July 26, 2010
Beginning on July 26, we will unveil a new stock idea at 11 a.m. Eastern on Fool.com every weekday. To hear more about the series, click here to see a video from co-founder Tom Gardner describing why we're doing the series right now. Here are some answers to a series of frequently asked questions about the 11 O'Clock Stock:
Are "11 O'Clock Stock" recommendations premium recommendations?
- No. The "11 O'Clock Stock" is a feature from our free online site Fool.com. Our founders, David and Tom Gardner worry that people, disillusioned with investing, aren't staying invested in the market, even though there are still great stocks to be found. So David and Tom tasked our group of analysts to come up with 50 great ideas to help people get excited about investing once again. The picks will be freely available, with follow-up articles on their performance. Future coverage will be based on Fool.com articles, whereas premium services already have a dedicated team of analysts actively following their portfolio of companies.
Are these The Motley Fool's "50 Best Stocks"?
- The goal of the series isn't to pick the 50 best stocks in the market; it is to task our analysts with finding 50 great ideas to get investors excited about investing once again. While we believe these stocks will perform well, they are individual ideas from a large and diverse group of analysts. Services like Stock Advisor and other premium services have a dedicated team that makes monthly selection, give "best buy lists," and follow their selections in updates.
Does the person recommending this stock own it?
- The position of each contributor will be in our disclosure section at the bottom of each article. Whether or not The Motley Fool recommends the stock through one of its services will also be disclosed.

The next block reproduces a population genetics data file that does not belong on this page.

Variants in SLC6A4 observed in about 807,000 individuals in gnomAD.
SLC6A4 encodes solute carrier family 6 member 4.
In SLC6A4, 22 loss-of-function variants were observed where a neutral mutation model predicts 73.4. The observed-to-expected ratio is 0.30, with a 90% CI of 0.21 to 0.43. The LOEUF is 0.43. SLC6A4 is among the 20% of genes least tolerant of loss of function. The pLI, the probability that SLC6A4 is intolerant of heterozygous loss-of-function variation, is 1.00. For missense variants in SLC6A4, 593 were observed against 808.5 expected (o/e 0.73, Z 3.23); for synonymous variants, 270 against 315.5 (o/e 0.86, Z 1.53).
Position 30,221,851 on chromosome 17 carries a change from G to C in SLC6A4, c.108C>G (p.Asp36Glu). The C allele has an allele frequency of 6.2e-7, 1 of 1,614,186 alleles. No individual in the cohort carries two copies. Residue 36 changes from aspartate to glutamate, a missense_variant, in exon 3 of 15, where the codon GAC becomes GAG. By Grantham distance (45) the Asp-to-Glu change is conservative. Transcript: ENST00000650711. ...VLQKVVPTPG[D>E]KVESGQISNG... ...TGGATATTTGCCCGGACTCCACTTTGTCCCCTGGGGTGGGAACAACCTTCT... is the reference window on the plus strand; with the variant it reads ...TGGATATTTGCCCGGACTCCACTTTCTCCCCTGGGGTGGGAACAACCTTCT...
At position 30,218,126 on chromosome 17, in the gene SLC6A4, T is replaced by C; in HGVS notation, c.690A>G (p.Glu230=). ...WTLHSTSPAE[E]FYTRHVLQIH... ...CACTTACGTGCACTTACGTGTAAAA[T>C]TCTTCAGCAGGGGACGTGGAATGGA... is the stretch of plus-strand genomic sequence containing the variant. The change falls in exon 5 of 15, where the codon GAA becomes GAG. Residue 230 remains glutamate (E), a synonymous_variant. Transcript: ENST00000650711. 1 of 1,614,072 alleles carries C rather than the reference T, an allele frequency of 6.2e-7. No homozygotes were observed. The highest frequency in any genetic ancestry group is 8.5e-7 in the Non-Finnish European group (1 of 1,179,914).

What's the difference between an "11 O'Clock Stock" pick and other articles or five-star recommendations?
- The Motley Fool gives its writers full permission to disagree with the picks of its newsletter teams. We believe this open debate is part of what makes us "Motley." Likewise, picks for the "11 O'Clock Stock" may be in disagreement with other articles written about the stock. As noted above, these are the selections from a large and diverse group of analysts, and opinions outside of the series may differ. Five-star stocks are the highest rated stocks from our CAPS community. While there will most likely be several five-star stocks selected in the "11 O'Clock Stock" series, analysts will choose from a full selection of stocks.
Will you track these stocks?
- Yes, there will be a tracking page that is featured at the bottom of each article once we have several picks open, with an established track record. There will also be a CAPS profile for these picks. Once the series is finished, there will be weekly update articles on the performance of the stocks.
Do you like pina coladas?
- Not as much as getting caught in the rain.
Should we buy all 50 stocks?
- Investors should take a look at each stock, weigh the analyst's argument, and determine whether the stock makes sense in their portfolio. The big idea here is that The Motley Fool firmly believes that investors need to stay invested in the market, so we want to provide a great selection of picks for investors who believe there aren't any great stocks remaining.
I came to the website at 11:00 and there wasn't a pick up!
- The picks come out at 11 a.m. Eastern. Make sure you're checking in the right time zone.
I came to your site later in the day and couldn't find that day's pick!
- Picks will only be on the front page main slot for a limited amount of time. Later in the day, they'll be moved down to the "Top Stories" section. You can also make sure you catch every selection by subscribing to our FoolWatch Daily email.
How is the Fool investing $50,000?
- We'll buy the stocks at least 24 hours after we announce the pick on Fool.com. As much as possible, we'll try to buy $1,000 of each stock, so that it remains an equally weighted portfolio. As the series continues, we'll publish our purchasing price in an summary article tracking the portfolio's performance against the market.
Will the Fool communicate if the stocks are sold?
- All stocks will be held for a minimum of one year. The intention is to create a portfolio of buy-and-hold stocks.